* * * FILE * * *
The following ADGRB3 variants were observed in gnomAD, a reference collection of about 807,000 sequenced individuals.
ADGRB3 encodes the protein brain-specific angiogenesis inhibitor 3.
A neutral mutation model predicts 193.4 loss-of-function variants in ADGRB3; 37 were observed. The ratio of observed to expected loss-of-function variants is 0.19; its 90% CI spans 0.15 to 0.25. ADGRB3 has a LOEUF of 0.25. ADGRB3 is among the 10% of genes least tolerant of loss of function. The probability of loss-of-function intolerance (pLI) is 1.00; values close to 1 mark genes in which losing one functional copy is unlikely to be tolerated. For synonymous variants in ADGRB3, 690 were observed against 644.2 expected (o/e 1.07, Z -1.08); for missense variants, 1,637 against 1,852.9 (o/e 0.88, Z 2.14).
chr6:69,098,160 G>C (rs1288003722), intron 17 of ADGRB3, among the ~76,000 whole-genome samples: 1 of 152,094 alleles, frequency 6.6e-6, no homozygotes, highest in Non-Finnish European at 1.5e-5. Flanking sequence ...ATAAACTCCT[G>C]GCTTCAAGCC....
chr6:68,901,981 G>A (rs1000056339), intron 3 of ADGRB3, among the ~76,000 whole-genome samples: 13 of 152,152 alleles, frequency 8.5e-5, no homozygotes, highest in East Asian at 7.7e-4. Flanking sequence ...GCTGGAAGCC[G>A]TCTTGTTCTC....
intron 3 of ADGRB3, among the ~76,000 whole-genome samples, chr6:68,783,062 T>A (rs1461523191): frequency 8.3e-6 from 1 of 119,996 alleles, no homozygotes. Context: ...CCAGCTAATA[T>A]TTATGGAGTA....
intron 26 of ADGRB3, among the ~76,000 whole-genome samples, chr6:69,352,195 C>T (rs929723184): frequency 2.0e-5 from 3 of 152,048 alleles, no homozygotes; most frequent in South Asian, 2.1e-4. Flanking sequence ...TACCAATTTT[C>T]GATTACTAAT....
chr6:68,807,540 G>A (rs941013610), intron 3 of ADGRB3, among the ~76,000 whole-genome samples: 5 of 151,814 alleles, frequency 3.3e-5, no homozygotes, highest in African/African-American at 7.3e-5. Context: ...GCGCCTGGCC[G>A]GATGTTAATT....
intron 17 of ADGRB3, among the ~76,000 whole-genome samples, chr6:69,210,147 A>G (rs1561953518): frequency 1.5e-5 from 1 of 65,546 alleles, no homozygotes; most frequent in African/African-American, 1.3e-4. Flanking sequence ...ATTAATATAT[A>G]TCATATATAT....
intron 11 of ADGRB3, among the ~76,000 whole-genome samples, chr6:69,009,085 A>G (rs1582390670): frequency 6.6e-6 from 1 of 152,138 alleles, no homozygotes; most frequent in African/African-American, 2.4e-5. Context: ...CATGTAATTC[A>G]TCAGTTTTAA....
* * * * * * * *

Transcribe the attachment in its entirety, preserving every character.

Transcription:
The following ADGRB3 variants were observed in gnomAD, a reference collection of about 807,000 sequenced individuals.
ADGRB3 encodes the protein brain-specific angiogenesis inhibitor 3.
A neutral mutation model predicts 193.4 loss-of-function variants in ADGRB3; 37 were observed. The ratio of observed to expected loss-of-function variants is 0.19; its 90% CI spans 0.15 to 0.25. ADGRB3 has a LOEUF of 0.25. ADGRB3 is among the 10% of genes least tolerant of loss of function. The probability of loss-of-function intolerance (pLI) is 1.00; values close to 1 mark genes in which losing one functional copy is unlikely to be tolerated. For synonymous variants in ADGRB3, 690 were observed against 644.2 expected (o/e 1.07, Z -1.08); for missense variants, 1,637 against 1,852.9 (o/e 0.88, Z 2.14).
chr6:69,098,160 G>C (rs1288003722), intron 17 of ADGRB3, among the ~76,000 whole-genome samples: 1 of 152,094 alleles, frequency 6.6e-6, no homozygotes, highest in Non-Finnish European at 1.5e-5. Flanking sequence ...ATAAACTCCT[G>C]GCTTCAAGCC....
chr6:68,901,981 G>A (rs1000056339), intron 3 of ADGRB3, among the ~76,000 whole-genome samples: 13 of 152,152 alleles, frequency 8.5e-5, no homozygotes, highest in East Asian at 7.7e-4. Flanking sequence ...GCTGGAAGCC[G>A]TCTTGTTCTC....
intron 3 of ADGRB3, among the ~76,000 whole-genome samples, chr6:68,783,062 T>A (rs1461523191): frequency 8.3e-6 from 1 of 119,996 alleles, no homozygotes. Context: ...CCAGCTAATA[T>A]TTATGGAGTA....
intron 26 of ADGRB3, among the ~76,000 whole-genome samples, chr6:69,352,195 C>T (rs929723184): frequency 2.0e-5 from 3 of 152,048 alleles, no homozygotes; most frequent in South Asian, 2.1e-4. Flanking sequence ...TACCAATTTT[C>T]GATTACTAAT....
chr6:68,807,540 G>A (rs941013610), intron 3 of ADGRB3, among the ~76,000 whole-genome samples: 5 of 151,814 alleles, frequency 3.3e-5, no homozygotes, highest in African/African-American at 7.3e-5. Context: ...GCGCCTGGCC[G>A]GATGTTAATT....
intron 17 of ADGRB3, among the ~76,000 whole-genome samples, chr6:69,210,147 A>G (rs1561953518): frequency 1.5e-5 from 1 of 65,546 alleles, no homozygotes; most frequent in African/African-American, 1.3e-4. Flanking sequence ...ATTAATATAT[A>G]TCATATATAT....
intron 11 of ADGRB3, among the ~76,000 whole-genome samples, chr6:69,009,085 A>G (rs1582390670): frequency 6.6e-6 from 1 of 152,138 alleles, no homozygotes; most frequent in African/African-American, 2.4e-5. Context: ...CATGTAATTC[A>G]TCAGTTTTAA....